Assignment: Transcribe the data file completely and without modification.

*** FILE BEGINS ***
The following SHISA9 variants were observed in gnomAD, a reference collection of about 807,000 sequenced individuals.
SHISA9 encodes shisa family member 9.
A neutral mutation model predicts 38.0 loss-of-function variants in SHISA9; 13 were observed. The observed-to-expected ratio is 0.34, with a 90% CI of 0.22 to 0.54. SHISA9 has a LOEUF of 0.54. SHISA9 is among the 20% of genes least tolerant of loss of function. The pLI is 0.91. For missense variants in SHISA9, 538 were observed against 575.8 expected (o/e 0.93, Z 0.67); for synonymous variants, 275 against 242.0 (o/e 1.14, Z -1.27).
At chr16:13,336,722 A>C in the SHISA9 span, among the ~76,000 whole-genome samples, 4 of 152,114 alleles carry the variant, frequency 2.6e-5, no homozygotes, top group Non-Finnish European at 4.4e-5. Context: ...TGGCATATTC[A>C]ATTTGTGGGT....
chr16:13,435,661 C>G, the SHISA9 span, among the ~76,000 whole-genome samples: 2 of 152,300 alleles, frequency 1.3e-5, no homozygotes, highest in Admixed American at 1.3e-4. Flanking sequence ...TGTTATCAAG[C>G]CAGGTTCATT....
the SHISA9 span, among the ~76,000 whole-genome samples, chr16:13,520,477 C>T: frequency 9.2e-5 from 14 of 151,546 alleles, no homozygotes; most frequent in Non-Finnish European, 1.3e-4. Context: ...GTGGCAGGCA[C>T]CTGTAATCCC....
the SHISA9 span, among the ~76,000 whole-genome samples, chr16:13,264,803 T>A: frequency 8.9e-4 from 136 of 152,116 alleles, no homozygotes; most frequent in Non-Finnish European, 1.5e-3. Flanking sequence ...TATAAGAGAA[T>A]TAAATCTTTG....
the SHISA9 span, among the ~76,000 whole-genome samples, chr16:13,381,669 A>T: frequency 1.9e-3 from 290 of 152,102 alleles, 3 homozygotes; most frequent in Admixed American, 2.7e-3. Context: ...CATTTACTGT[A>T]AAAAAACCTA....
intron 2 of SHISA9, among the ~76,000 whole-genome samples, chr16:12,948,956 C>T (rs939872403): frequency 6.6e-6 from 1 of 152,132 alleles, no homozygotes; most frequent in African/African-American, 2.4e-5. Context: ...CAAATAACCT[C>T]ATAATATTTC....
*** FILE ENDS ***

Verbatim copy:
The following SHISA9 variants were observed in gnomAD, a reference collection of about 807,000 sequenced individuals.
SHISA9 encodes shisa family member 9.
A neutral mutation model predicts 38.0 loss-of-function variants in SHISA9; 13 were observed. The observed-to-expected ratio is 0.34, with a 90% CI of 0.22 to 0.54. SHISA9 has a LOEUF of 0.54. SHISA9 is among the 20% of genes least tolerant of loss of function. The pLI is 0.91. For missense variants in SHISA9, 538 were observed against 575.8 expected (o/e 0.93, Z 0.67); for synonymous variants, 275 against 242.0 (o/e 1.14, Z -1.27).
At chr16:13,336,722 A>C in the SHISA9 span, among the ~76,000 whole-genome samples, 4 of 152,114 alleles carry the variant, frequency 2.6e-5, no homozygotes, top group Non-Finnish European at 4.4e-5. Context: ...TGGCATATTC[A>C]ATTTGTGGGT....
chr16:13,435,661 C>G, the SHISA9 span, among the ~76,000 whole-genome samples: 2 of 152,300 alleles, frequency 1.3e-5, no homozygotes, highest in Admixed American at 1.3e-4. Flanking sequence ...TGTTATCAAG[C>G]CAGGTTCATT....
the SHISA9 span, among the ~76,000 whole-genome samples, chr16:13,520,477 C>T: frequency 9.2e-5 from 14 of 151,546 alleles, no homozygotes; most frequent in Non-Finnish European, 1.3e-4. Context: ...GTGGCAGGCA[C>T]CTGTAATCCC....
the SHISA9 span, among the ~76,000 whole-genome samples, chr16:13,264,803 T>A: frequency 8.9e-4 from 136 of 152,116 alleles, no homozygotes; most frequent in Non-Finnish European, 1.5e-3. Flanking sequence ...TATAAGAGAA[T>A]TAAATCTTTG....
the SHISA9 span, among the ~76,000 whole-genome samples, chr16:13,381,669 A>T: frequency 1.9e-3 from 290 of 152,102 alleles, 3 homozygotes; most frequent in Admixed American, 2.7e-3. Context: ...CATTTACTGT[A>T]AAAAAACCTA....
intron 2 of SHISA9, among the ~76,000 whole-genome samples, chr16:12,948,956 C>T (rs939872403): frequency 6.6e-6 from 1 of 152,132 alleles, no homozygotes; most frequent in African/African-American, 2.4e-5. Context: ...CAAATAACCT[C>T]ATAATATTTC....